You may not be looking forward to Madonna's new directorial effort, "W.E.," which is supposedly quite terrible. Or, if you are interested, it's actually to see the train wreck -- what Daniel Walber excitedly called "marvelously wretched," "perhaps the most hilariously dreadful period piece ever filmed" and "destined to become a cult classic, with accompanying drinking games galore and even the occasional costume party." But this sort of celebration of camp might have to wait until after the drama opens and presumably bombs at the box office. Out of respect to those with more serious moviegoing intention.
What if you really want to cinematically know the story of Edward VIII and Wallis Simpson? Provided you didn't get enough of the affair followed by abdication as depicted in "The King's Speech," or you prefer a documentary account, there's Harry Booth's 1967 Oscar nominee, "A King's Story." Based on Edward's book of the same name and adapted by Oscar-winning screenwriter Sydney Box ("The Seventh Veil") and "Dr. Who" scribe Glyn Jones, the film mixes archive material, performed readings and interviews with the Duke and Duchess of Windsor (their titles after his abdication and their marriage) with a voice-over narration read by Orson Welles. Prior Oscar nominee Jack Levin ("The Finest Hours") produced. Clearly this is a prestigious work from major documentary talents.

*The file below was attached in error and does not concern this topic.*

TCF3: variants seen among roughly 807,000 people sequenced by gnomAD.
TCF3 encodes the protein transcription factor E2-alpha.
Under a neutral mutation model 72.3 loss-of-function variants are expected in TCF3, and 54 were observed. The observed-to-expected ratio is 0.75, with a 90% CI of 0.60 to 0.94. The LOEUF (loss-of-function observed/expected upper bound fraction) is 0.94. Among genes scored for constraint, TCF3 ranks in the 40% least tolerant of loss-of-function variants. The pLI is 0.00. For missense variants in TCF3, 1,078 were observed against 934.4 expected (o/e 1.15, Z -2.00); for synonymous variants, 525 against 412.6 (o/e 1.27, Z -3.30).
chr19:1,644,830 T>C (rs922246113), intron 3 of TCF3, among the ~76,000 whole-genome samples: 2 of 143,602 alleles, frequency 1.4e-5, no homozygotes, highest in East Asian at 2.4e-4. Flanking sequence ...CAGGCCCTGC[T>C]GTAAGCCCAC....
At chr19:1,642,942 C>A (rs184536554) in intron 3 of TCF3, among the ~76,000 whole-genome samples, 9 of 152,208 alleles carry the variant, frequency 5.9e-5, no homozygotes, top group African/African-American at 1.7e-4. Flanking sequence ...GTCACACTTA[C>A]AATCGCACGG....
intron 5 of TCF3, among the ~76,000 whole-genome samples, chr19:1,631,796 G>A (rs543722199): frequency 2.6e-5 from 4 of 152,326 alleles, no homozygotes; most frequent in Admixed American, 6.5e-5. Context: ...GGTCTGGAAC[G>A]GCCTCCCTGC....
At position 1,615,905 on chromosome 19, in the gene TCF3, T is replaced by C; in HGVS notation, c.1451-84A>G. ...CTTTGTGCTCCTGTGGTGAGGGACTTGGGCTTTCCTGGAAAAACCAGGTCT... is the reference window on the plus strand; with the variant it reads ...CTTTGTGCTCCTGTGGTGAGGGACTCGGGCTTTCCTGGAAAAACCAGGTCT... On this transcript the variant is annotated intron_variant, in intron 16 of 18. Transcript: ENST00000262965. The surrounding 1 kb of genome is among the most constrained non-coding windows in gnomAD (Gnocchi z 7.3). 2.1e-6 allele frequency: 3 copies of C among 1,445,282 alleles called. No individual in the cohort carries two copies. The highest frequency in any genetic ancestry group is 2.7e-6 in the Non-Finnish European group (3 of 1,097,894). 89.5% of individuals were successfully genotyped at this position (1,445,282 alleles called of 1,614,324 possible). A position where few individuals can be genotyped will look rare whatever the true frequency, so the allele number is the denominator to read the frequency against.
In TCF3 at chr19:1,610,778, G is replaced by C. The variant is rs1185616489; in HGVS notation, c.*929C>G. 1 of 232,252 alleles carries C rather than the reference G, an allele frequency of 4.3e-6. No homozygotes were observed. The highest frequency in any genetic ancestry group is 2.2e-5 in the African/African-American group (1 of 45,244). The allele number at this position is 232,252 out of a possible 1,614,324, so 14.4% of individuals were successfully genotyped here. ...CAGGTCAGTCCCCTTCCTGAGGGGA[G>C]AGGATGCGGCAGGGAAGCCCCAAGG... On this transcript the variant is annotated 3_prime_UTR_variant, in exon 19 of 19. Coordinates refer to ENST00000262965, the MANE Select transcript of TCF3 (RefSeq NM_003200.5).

How you can watch the film is not a simple matter, though. And this is a problem I brought up just yesterday on the Documentary Channel Blog regarding the terrible unavailability of Oscar-nominated and Oscar-winning docs and nonfiction classics in general (then it was because of the difficulty finding a copy of "Walls of Fire" for Diego Rivera's birthday). Amazon has new copies of "A King's Story" for $200 while DVDs can be found on unfamiliar (as in uncertainly trusted) websites for around $30. I haven't come across any service that rents the film, so unfortunately I haven't seen more than what's in the intro and clip below. I can only guess that it's worth viewing.
There are other, less-acclaimed documentaries about Edward and Wallis Simpson, including the 1995 TV doc "Edward VIII: The Traitor King," which you can watch segmented in full on YouTube, and the 1996 TV doc "Edward on Edward," in which Prince Edward (Charles' brother) tells the story of his great-uncle. Some of them might not truly be better than Madonna's movie, so seek them out if curious but not with high expectations.
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